In Star Trek, I've come to notice that several in-universe events mimic events that were going on in the real world at the time of writing (the Klingon/Federation war in TOS mirrors the Cold War, the subspace warp restriction mirrors concerns around environmental issues here, and so on).

Earth's reaction to The Dominion attack on Earth's power systems (in the episodes "Homefront" and "Paradise Lost") seems like one of these events. Federation patrols are on the streets, rampant paranoia and strict security is instituted on the planet after the attack.

Was there any real-world event that inspired these episodes?

  • It sounds like you mean "What inspired the episodes 'Homefront' and 'Paradise Lost' "
    – Valorum
    Commented Apr 11, 2016 at 18:11
  • @Richard yes, didn't see a question about that already
    – CBredlow
    Commented Apr 11, 2016 at 18:12
  • I've done quite a big edit to bring the question into more focus. Feel free to roll it back if you think I've gone too far.
    – Valorum
    Commented Apr 11, 2016 at 18:18
  • @Richard No, it makes it a lot clearer. Thanks for that.
    – CBredlow
    Commented Apr 11, 2016 at 18:19
  • 1
    The actual script was (apparently) inspired by the story Seven Days in May
    – Valorum
    Commented Apr 11, 2016 at 18:30

1 Answer 1


According to the write-up in the DS9 Companion, the script for Homefront/Paradise Lost (and the general theme of "everyone's paranoid about the shapeshifters") wasn't especially inspired by any real-world event, but rather was an attempt to draw the audience into a relatively complex plot in which we, the viewer, choose security over freedom and are then force-fed the consequences of that choice.

The episode actually went through a number of revisions, including one in which Vulcan was considering withdrawing from the Federation before finally resolving on a plot that was very similar to, and largely inspired by the film and book "Seven Days in May", in which a number of US generals plot a coup against a President they see as excessively pacifist.

"We always try to make the two-parters as rich as possible, in terms of characters and storylines," says Behr. And the storyline was rich, nothing less than "an attempt to make the audience complicit in believing that a threat is imminent, and that by any means necessary, it must be dealt with," says Rene Echevarria. "We go out of Part 1 saying, There's going to be a big battle, and we're going to stop them. Martial law— yes! Clamp down on rights—yes! Blood tests—yes! No civil rights—yes!' And then in Part II we find out that the real point of the story is how dangerous this feeling is." "The moral motto of the whole story is that paranoia is ultimately the end," adds Wolfe. "There are only four Founders on Earth, but whatever they're doing, we're doing more damage to ourselves than they are."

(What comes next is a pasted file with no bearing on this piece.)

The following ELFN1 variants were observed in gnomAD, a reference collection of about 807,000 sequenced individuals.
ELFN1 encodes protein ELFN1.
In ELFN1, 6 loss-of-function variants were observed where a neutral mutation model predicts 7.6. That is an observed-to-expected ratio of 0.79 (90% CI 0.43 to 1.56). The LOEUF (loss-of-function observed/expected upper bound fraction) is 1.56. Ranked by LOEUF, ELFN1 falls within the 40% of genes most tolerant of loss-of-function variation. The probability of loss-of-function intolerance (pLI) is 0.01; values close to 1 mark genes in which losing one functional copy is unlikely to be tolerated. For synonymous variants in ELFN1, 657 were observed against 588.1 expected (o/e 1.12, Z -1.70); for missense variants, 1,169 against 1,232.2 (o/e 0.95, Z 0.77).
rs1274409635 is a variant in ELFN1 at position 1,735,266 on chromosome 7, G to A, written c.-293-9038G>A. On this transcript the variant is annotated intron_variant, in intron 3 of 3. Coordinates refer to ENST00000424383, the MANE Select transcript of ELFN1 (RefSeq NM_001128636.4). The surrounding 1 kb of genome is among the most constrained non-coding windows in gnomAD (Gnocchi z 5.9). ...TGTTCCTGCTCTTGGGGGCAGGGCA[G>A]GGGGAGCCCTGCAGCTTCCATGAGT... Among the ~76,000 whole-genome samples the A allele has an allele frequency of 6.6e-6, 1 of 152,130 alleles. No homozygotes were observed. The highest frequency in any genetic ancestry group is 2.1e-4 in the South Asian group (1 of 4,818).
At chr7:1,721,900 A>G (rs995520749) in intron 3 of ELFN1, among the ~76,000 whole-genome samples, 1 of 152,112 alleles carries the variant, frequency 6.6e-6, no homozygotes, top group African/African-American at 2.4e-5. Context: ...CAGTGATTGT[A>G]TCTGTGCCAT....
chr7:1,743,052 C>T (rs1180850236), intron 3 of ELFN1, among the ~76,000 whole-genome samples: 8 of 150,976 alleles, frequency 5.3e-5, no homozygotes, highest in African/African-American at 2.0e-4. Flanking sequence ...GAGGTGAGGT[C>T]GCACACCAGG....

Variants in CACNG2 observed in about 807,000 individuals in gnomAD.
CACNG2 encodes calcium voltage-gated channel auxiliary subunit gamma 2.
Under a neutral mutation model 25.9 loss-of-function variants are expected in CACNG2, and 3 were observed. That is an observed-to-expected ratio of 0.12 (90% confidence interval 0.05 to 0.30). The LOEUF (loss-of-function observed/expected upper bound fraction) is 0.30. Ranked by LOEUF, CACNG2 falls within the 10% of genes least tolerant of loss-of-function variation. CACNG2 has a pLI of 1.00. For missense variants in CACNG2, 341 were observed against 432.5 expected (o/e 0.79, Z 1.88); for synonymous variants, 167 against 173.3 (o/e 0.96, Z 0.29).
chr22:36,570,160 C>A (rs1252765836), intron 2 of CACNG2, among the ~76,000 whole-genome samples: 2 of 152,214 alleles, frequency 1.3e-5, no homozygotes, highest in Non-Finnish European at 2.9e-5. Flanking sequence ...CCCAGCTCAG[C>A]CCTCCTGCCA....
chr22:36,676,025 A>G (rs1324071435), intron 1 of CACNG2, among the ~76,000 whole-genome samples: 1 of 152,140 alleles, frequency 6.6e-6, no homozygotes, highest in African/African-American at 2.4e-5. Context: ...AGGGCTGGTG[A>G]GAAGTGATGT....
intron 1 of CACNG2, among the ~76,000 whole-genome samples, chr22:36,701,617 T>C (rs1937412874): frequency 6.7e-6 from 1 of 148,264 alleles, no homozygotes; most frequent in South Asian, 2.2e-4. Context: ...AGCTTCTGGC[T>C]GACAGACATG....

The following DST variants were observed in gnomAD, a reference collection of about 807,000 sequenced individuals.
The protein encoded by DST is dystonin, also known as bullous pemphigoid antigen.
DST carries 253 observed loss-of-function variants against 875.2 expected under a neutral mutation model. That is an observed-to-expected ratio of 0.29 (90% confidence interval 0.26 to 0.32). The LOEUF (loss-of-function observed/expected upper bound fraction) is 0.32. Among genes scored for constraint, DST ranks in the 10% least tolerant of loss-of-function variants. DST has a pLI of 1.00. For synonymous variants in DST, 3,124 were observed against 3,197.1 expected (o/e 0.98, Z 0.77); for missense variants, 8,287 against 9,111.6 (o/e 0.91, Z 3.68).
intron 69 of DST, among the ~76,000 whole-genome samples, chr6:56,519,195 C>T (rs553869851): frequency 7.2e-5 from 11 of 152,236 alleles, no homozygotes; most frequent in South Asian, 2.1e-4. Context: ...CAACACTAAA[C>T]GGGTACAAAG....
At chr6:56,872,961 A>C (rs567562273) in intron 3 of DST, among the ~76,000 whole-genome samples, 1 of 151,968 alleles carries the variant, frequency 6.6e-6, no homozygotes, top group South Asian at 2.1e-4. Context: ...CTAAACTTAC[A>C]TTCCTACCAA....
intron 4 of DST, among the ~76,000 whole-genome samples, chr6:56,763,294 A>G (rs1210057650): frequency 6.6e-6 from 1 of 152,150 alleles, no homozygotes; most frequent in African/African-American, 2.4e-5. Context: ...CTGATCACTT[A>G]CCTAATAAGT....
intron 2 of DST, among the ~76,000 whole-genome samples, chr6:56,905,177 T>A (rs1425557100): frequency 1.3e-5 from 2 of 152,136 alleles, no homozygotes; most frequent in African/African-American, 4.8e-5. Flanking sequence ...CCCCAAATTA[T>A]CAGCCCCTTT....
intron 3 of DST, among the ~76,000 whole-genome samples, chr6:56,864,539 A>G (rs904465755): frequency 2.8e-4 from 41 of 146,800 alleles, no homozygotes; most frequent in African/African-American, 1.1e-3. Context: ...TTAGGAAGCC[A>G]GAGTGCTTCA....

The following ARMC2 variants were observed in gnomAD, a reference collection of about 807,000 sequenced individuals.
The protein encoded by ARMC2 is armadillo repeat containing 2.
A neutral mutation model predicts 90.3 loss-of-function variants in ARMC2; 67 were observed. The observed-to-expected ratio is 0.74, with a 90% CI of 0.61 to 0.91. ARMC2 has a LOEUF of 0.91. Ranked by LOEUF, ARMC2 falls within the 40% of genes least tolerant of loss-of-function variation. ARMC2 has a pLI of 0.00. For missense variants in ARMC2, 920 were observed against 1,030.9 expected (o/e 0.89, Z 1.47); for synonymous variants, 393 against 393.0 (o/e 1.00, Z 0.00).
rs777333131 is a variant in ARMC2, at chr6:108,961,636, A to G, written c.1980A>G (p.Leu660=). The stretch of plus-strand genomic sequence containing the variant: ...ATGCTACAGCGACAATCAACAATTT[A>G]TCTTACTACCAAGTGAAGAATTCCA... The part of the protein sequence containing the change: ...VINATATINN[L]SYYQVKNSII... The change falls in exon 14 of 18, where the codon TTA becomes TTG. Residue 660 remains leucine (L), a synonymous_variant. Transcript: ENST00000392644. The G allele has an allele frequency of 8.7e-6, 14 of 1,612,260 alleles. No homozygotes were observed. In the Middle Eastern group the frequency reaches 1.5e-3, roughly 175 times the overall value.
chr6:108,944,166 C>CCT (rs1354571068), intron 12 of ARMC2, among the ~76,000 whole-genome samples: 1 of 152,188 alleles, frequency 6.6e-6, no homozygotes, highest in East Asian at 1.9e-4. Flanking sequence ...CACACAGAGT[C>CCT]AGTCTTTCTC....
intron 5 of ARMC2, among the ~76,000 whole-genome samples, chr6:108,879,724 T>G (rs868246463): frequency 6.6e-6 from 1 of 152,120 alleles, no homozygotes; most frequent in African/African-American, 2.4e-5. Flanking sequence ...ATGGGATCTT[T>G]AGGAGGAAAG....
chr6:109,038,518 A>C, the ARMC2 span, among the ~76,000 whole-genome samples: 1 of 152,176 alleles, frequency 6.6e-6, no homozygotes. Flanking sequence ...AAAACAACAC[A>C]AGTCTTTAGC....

Although the paranoia theme was inherent to all versions of the plot, one of the earliest versions discussed during third season had an even more complex political plot, according to Ron Moore, who wrote the story for Part II. "The changelings come to Earth, infiltrate the populace, and cause near civil war within the Federation," he relates. "We were going to have Vulcan start to break away from the Federation as a result of what was going on on Earth, and a confrontation in Earth's orbit where a Federation starship is about to fire on a Vulcan transport." Moore notes, "We realized that the whole thing with the Vulcans wasn't quite selling it. So we started talking about a military coup of the Federation by Starfleet, a la Seven Days in May," he says, referring to the 1964 film about a military scheme to overthrow the U.S. government. "We thought that was actually more interesting, and more unexpected in the Star Trek universe—that Starfleet would take over the government out of fear and paranoia. What the fear of the other, of an enemy, could drive even Starfleet to do." Drawing the audience into that paranoia was definitely part of the plan. Indeed, it was essential to selling the story. "We wanted to make people think we were doing a different story," says Wolfe. "The whole thing is a total misdirection. Part I is a total misdirection of Part II."

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